The following is written in the book Endless Bliss, “If a person thinks that someone other than Allahu ta’âlâ affects actions and deeds, his tawhîd will be defective. If he says there is no need for any causes, he will have deviated from Sharî’at [Islam]. If he says that it is unnecessary to put the causes in between, he will have been unreasonable. If he says that they are necessary, he will have put his tawakkul (trust) in the one who has prepared the causes, a case which shows a defect in tawhîd.” I cannot understand this passage. Whether we place our trust in causes or not, both cases are blameworthy. Then what form should our tawakkul take?
ANSWERYes, the subject tawakkul is difficult to understand. Let us explain the passage above in three principles:
1. We have to believe in the fact that everything, good or evil, advantage or harm, is created by Allahu ta’âlâ. Our belief will not be correct if we say that some things affect some things, for it is Allahu ta’âlâ who creates all things. The purport of an âyah (verse) is as follows:
(It is Allah who creates you and your deeds.) [Sûrat-us-Saffât, 96]
2. If we say that there is no need for any causes in order for deeds to be done, then we will have denied the causes set by Allahu ta’âlâ. For example, it would be very wrong to say, “I will have a child even if I do not marry.” Such causes as a father and a mother are necessary for having a child.
3. If we say that causes are necessary and indispensable, we will have relied on causes, a case which again shows a defect in tawhîd. In other words, just as it is wrong to say a person can have a child without there being a man and a wife, so it is very wrong to consider a man and a wife absolutely necessary for a child’s coming into the world and to say that Allahu ta’âlâ does not have a role in a child’s being created. There may be parents, but they may not have a child. In the same way, Allahu ta’âlâ can create a child without there being parents at all. As a matter of fact, He created Hadrat Âdam and Hadrat Hawwa without parents and Hadrat ‘Îsâ without a father. We must not repose our reliance in causes and means. We must know that it is Allahu ta’âlâ, too, who creates the causes and means.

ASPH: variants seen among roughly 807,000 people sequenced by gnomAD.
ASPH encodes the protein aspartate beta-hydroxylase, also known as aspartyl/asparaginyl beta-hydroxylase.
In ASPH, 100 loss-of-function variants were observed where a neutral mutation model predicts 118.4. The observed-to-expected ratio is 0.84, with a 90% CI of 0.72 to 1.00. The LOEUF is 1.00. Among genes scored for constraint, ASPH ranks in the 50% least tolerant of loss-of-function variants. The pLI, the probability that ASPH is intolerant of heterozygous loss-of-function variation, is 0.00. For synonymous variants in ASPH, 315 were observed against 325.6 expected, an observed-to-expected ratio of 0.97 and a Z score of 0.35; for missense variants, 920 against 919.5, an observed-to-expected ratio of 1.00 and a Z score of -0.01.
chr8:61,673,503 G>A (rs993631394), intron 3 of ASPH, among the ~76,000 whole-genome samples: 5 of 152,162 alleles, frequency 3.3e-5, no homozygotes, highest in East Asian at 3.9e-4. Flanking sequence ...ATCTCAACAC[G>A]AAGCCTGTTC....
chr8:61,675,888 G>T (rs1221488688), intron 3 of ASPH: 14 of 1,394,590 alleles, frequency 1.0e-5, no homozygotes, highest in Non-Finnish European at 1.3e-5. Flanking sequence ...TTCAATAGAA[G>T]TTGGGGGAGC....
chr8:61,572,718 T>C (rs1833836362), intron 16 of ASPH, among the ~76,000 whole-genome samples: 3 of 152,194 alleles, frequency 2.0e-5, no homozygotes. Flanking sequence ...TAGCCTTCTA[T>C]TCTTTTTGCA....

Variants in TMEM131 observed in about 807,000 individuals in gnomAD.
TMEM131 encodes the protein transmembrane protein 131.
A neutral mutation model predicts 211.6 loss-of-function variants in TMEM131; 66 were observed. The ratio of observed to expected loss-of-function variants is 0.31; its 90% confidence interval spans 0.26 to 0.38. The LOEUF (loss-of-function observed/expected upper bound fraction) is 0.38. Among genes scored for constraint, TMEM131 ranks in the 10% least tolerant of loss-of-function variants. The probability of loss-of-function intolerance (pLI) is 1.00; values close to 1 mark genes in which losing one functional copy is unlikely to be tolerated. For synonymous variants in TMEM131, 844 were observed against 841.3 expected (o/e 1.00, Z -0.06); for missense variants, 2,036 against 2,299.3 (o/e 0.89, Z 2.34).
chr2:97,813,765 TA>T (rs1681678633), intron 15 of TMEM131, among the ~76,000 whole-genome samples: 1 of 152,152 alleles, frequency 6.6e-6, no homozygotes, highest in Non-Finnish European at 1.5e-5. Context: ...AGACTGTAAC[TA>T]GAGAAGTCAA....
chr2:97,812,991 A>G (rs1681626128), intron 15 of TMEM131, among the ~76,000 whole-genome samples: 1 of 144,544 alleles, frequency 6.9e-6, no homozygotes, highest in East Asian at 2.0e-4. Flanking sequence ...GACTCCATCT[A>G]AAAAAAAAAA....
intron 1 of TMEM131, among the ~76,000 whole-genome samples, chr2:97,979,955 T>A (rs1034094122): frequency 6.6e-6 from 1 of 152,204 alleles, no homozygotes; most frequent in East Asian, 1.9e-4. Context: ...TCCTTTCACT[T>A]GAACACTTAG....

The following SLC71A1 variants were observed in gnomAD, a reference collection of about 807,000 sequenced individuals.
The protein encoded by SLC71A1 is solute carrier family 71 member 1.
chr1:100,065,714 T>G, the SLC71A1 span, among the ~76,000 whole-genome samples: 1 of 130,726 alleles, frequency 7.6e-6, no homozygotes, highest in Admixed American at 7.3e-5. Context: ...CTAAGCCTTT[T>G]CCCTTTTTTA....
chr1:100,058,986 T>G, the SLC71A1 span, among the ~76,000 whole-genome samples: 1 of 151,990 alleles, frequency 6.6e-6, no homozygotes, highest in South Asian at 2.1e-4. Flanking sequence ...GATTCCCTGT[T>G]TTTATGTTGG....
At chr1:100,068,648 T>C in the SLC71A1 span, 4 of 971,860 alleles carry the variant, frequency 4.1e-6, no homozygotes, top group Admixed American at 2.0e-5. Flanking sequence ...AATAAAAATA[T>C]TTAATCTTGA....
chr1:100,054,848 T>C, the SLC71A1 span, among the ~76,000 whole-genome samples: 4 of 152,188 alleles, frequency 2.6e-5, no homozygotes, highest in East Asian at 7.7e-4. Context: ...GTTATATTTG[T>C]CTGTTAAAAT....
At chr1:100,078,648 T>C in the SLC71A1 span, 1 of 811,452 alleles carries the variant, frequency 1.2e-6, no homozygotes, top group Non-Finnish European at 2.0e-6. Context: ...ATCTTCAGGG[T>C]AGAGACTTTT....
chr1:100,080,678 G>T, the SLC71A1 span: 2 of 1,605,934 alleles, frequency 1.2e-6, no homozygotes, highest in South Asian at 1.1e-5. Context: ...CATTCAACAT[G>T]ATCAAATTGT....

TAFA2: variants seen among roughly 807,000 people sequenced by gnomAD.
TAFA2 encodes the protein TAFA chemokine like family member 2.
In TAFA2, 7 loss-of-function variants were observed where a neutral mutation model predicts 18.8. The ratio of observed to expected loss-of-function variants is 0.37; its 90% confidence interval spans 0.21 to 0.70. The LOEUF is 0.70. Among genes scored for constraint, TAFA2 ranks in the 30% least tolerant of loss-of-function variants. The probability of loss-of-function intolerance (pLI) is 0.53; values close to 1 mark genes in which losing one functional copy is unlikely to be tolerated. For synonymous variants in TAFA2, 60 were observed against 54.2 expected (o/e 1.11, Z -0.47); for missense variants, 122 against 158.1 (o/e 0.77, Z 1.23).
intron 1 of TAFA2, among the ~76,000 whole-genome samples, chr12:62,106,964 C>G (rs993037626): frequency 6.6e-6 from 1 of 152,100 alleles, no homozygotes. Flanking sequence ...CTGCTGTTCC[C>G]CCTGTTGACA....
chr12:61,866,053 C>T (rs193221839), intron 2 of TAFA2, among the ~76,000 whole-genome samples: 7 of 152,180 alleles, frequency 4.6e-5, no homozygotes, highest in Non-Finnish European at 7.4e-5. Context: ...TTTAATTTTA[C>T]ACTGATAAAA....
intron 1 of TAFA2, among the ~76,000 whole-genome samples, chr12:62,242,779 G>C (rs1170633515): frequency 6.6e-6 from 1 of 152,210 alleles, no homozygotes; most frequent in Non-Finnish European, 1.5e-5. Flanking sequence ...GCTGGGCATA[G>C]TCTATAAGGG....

We live in the world of causes. The Divine Habit of Allahu ta’âlâ is to create something through causes. If something is created without a cause, then it is mu’jiza or karamah. The Creator of magic is Allahu ta’âlâ. He is the Creator of everything.
Let us summarize these three principles:
If we want to do a deed, we will hold fast to its causes, but at the same time, we will not say that causes certainly will do this deed. For instance, we should marry in order to have a child, but we must not say that we will definitely have a child because we have married. If we are ill, we should go to doctors, take medicine, or undergo an operation. But we must not say that these causes have made us healthy. Maybe we will exhale our last breath on the operation table. We must not rely on causes and agencies. We must know that the One who creates the causes and who gives them effectivity is Allahu ta’âlâ.